Tom Griffen (London, The Green Ribbon): While the London government battles with the financial crisis and demands for a referendum on Europe, both of which strike at the Prime Minister's bid to be trusted, the ground is shifting elsewhere, more slowly - but perhaps more permanently. I suspect this often happens: a major headline crisis diverts attention from other processes and when the crisis is over the landscape has changed for other reasons as well. Who, in London is thinking about the relationship of Dublin and Belfast? But for the first time Ireland’s largest and governing party, Fianna Fáil is set to organize in Northern Ireland, and from an until now discounted direction another arrow is being prepared against the United Kingdom as we know it.
Taoiseach Bertie Ahern said today. “It is time now for this Party to play its full role, to take its proper place, in this new politics - in this New Ireland.” He was talking to delegates to a parliamentary party meeting at Druid’s Glen in Co Wicklow.
“Only now that the two great traditions on this island are reconciled, can we take this historic move. To that end, today I am announcing that Fianna Fáil, the Republican Party, will now move to develop a strategy for organising on a thirty two county basis.”
A committee headed by Foreign Minister Dermot Ahern will examine the way forward, the Taoiseach announced. “We will act gradually and strategically. We are under no illusions. It will not be easy. It will challenge us all. But I am confident we will succeed.”
One immediate problem is the position of the SDLP, who have long been viewed as the representatives of the southern establishment in the North. A merger between the two parties is one possibility. However, unlike the centre-right Fianna Fáil, the SDLP is a member party of the Socialist International with roots in the 1960s civil rights movement. As such it is nominally a sister organization of the Irish Labour Party, but this obstacle may be removed by Labour’s own moves to develop its northern organisation.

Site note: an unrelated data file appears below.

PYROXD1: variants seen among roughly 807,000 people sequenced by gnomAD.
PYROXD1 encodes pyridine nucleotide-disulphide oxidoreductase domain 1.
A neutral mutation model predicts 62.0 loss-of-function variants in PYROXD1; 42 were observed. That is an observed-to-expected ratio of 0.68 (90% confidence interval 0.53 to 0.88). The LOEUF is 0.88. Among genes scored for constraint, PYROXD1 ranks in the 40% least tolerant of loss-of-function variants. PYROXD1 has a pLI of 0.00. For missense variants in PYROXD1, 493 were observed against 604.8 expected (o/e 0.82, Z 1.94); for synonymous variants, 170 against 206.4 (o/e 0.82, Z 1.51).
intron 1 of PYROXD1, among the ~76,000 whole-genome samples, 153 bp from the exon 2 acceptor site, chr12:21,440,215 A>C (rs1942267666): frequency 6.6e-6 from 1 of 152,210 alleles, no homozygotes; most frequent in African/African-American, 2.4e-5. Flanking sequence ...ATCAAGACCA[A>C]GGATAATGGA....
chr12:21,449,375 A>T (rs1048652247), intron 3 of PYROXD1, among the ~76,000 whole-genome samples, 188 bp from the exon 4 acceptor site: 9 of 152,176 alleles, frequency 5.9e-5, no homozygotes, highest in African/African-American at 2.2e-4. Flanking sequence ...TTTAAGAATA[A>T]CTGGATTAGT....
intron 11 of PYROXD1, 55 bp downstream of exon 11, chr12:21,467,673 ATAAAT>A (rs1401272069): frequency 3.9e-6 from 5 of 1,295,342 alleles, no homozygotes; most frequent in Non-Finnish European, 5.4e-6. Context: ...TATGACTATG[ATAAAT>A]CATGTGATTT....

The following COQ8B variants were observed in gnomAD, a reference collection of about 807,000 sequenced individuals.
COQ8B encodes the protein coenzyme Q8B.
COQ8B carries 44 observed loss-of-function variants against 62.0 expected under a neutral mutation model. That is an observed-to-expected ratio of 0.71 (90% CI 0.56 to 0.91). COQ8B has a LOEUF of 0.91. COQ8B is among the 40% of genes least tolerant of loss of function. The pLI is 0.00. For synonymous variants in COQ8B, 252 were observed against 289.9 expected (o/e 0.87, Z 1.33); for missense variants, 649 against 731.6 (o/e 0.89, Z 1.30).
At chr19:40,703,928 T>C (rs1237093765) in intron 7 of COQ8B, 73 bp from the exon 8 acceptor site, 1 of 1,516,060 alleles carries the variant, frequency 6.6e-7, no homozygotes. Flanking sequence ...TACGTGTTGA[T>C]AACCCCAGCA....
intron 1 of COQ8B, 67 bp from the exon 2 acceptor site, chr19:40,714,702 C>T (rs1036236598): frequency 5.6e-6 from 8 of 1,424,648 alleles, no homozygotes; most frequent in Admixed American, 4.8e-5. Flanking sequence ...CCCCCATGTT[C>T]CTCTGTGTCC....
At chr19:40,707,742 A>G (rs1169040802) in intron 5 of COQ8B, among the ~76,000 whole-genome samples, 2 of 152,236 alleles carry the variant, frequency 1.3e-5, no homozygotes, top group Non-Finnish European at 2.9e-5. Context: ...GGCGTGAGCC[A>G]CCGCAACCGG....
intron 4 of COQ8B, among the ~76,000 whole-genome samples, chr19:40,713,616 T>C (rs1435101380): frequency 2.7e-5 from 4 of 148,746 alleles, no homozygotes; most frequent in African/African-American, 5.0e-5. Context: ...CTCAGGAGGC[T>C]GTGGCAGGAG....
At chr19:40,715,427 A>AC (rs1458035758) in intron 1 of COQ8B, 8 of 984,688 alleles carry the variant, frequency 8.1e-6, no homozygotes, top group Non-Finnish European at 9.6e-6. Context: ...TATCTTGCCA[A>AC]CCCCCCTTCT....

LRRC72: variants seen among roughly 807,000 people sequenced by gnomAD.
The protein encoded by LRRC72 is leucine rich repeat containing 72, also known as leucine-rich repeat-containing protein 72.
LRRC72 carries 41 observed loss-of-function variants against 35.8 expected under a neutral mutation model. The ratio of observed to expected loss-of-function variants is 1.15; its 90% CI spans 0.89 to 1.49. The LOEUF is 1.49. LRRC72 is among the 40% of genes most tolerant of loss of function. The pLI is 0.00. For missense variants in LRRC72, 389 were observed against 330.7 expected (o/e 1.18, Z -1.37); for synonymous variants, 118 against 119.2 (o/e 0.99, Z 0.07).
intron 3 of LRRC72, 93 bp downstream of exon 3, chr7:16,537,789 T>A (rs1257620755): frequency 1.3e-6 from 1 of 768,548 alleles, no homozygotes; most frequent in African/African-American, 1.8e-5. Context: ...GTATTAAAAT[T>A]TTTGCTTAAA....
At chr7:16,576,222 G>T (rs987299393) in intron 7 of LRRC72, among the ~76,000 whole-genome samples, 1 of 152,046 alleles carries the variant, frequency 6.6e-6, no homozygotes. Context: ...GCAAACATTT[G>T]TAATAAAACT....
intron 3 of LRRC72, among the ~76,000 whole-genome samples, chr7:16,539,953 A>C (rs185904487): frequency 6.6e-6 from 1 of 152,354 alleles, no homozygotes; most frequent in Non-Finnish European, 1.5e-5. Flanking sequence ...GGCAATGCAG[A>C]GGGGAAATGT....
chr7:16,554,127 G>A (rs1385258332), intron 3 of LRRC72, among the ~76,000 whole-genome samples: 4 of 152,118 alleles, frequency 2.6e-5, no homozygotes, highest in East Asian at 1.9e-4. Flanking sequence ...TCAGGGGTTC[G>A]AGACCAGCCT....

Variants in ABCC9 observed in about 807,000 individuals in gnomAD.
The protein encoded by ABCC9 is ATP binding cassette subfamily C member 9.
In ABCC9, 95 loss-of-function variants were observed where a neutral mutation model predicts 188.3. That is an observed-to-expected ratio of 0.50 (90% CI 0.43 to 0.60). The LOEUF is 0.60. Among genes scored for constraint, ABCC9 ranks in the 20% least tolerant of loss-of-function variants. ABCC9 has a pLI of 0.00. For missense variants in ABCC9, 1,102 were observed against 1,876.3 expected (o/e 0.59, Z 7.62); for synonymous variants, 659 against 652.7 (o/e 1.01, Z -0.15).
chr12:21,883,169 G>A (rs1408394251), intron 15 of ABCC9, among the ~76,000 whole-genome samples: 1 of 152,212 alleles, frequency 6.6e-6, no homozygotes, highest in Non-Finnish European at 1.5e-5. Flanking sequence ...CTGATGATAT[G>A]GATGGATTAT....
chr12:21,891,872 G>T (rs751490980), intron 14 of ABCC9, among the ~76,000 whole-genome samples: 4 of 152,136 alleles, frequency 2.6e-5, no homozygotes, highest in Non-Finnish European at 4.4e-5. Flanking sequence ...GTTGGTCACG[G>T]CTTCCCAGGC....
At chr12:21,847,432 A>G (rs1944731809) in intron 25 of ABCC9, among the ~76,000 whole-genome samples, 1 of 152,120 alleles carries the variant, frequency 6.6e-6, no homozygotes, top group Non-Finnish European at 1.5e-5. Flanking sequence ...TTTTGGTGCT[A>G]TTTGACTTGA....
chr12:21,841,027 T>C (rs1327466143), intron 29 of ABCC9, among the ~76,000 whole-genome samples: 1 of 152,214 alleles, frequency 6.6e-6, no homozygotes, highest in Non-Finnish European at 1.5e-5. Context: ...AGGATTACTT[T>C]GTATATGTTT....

Fianna Fáil shares common republican roots with Sinn Féin, a fact which has only sharpened their rivalry. Fianna Fáil succeeded in reversing some of Sinn Féin’s recent gains in the Republic at this year’s election. On its home turf, Sinn Féin will be a much tougher nut to crack. Electorally, Sinn Féin could hardly welcome the arrival in the North of a challenger with as formidable a reputation as Fianna Fáil. Yet that challenge is inevitable if Sinn Féin’s strategy of all-Ireland integration is to succeed.
For that very reason, unionists are likely to wary of the prospect of a 32-county Fianna Fáil, in spite of Bertie Ahern’s increasingly cordial relations with Ian Paisley. It would unwise to expect Ahern’s initiative to bear fruit quickly. A number of practical questions have yet to be seriously considered, not least the issue Westminster elections. However, there are a growing number of reasons to believe that Fianna Fáil’s commitment to Irish unity is not merely the cynical rhetoric it has often been regarded as.
Finance Minister Brian Cowen announced a major package of cross-border investment earlier this year. Fianna Fáil has also supported the campaign for a corporation tax cut in the North. This gesture is all the more significant given the North’s emergence as a competitor, exemplified by Aer Lingus’ departure from Shannon for Belfast.
Today’s development may mark the moment that politics began to catch up with the emergence of the all-Island economy.
Moderator: Tom now has a couple of additions to this great story back on Green Ribbon